The appeals chamber of the International Criminal Court (ICC) in The Hague on Monday rejected a decision to award a record $30 million in compensation to child soldiers and other victims of Congolese warlord Bosco Ntaganda, who was convicted of war crimes and crimes against humanity.

Ntaganda was sentenced to 30 years in prison in 2019 for murder, rape and other atrocities committed in Ituri province in eastern Democratic Republic of Congo in 2002-2003, when he was the military leader of the Union of Congolese Patriots (UPC) militia.

A lower court in March last year ruled that Ntaganda should pay reparations of $30 million to his victims, the highest such amount ever ordered at the ICC.

But both the legal representative of the victims and Ntaganda appealed.

Reading the judgment Monday, presiding Judge Marc Perrin de Brichambaut said the appeals chamber “found several errors” in the lower court’s decision.

The lower court “did not make any appropriate determination in relation to the number of potentially eligible or actual victims and failed to provide an appropriate calculation, or set out sufficient reasoning, for the amount of the monetary award against Mr. Ntaganda,” he said.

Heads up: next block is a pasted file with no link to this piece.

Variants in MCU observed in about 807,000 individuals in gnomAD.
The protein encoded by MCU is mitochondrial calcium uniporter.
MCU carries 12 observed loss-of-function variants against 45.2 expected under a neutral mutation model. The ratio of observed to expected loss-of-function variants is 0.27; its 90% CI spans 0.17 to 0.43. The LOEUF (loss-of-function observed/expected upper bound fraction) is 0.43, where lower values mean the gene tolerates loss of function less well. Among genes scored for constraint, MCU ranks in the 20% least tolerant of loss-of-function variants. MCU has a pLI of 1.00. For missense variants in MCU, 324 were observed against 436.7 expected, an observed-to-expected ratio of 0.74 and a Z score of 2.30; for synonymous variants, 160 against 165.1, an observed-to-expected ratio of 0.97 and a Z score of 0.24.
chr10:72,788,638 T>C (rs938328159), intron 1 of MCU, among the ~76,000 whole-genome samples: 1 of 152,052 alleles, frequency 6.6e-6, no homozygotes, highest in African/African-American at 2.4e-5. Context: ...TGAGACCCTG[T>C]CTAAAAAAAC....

The appeals judges sent the case back to a lower court to deliver a new ruling on the amount of reparations.

It is difficult to estimate the number of child soldiers in the volatile eastern Democratic Republic of Congo, according to child activists.

While some may be abducted by force, others reportedly join voluntarily.

Around 2,253 children were separated from armed groups in the country in 2018, 3,107 in 2019, 2,101 in 2020 and 957 in the first nine months of 2021, according to the child protection section of the UN.